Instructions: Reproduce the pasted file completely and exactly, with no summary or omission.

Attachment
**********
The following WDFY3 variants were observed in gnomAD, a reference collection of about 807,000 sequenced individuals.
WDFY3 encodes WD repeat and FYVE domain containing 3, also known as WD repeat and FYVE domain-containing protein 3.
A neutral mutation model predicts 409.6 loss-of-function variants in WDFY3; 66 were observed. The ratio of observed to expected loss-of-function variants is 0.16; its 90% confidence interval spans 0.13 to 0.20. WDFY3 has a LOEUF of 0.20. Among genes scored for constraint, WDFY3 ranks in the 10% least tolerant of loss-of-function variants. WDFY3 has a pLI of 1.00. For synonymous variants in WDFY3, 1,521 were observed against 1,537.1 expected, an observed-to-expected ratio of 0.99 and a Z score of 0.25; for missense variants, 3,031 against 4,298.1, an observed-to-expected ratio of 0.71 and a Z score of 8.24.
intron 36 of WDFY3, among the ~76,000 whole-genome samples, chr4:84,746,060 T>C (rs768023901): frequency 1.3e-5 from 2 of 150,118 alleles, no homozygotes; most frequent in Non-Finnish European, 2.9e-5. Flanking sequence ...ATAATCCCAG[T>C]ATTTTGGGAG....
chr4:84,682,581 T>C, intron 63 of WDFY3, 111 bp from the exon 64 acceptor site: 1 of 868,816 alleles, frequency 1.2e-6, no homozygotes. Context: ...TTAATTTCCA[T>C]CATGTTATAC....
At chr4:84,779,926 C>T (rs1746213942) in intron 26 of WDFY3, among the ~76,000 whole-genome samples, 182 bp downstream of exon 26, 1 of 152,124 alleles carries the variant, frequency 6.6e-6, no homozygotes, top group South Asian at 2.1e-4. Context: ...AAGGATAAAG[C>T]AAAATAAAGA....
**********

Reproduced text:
The following WDFY3 variants were observed in gnomAD, a reference collection of about 807,000 sequenced individuals.
WDFY3 encodes WD repeat and FYVE domain containing 3, also known as WD repeat and FYVE domain-containing protein 3.
A neutral mutation model predicts 409.6 loss-of-function variants in WDFY3; 66 were observed. The ratio of observed to expected loss-of-function variants is 0.16; its 90% confidence interval spans 0.13 to 0.20. WDFY3 has a LOEUF of 0.20. Among genes scored for constraint, WDFY3 ranks in the 10% least tolerant of loss-of-function variants. WDFY3 has a pLI of 1.00. For synonymous variants in WDFY3, 1,521 were observed against 1,537.1 expected, an observed-to-expected ratio of 0.99 and a Z score of 0.25; for missense variants, 3,031 against 4,298.1, an observed-to-expected ratio of 0.71 and a Z score of 8.24.
intron 36 of WDFY3, among the ~76,000 whole-genome samples, chr4:84,746,060 T>C (rs768023901): frequency 1.3e-5 from 2 of 150,118 alleles, no homozygotes; most frequent in Non-Finnish European, 2.9e-5. Flanking sequence ...ATAATCCCAG[T>C]ATTTTGGGAG....
chr4:84,682,581 T>C, intron 63 of WDFY3, 111 bp from the exon 64 acceptor site: 1 of 868,816 alleles, frequency 1.2e-6, no homozygotes. Context: ...TTAATTTCCA[T>C]CATGTTATAC....
At chr4:84,779,926 C>T (rs1746213942) in intron 26 of WDFY3, among the ~76,000 whole-genome samples, 182 bp downstream of exon 26, 1 of 152,124 alleles carries the variant, frequency 6.6e-6, no homozygotes, top group South Asian at 2.1e-4. Context: ...AAGGATAAAG[C>T]AAAATAAAGA....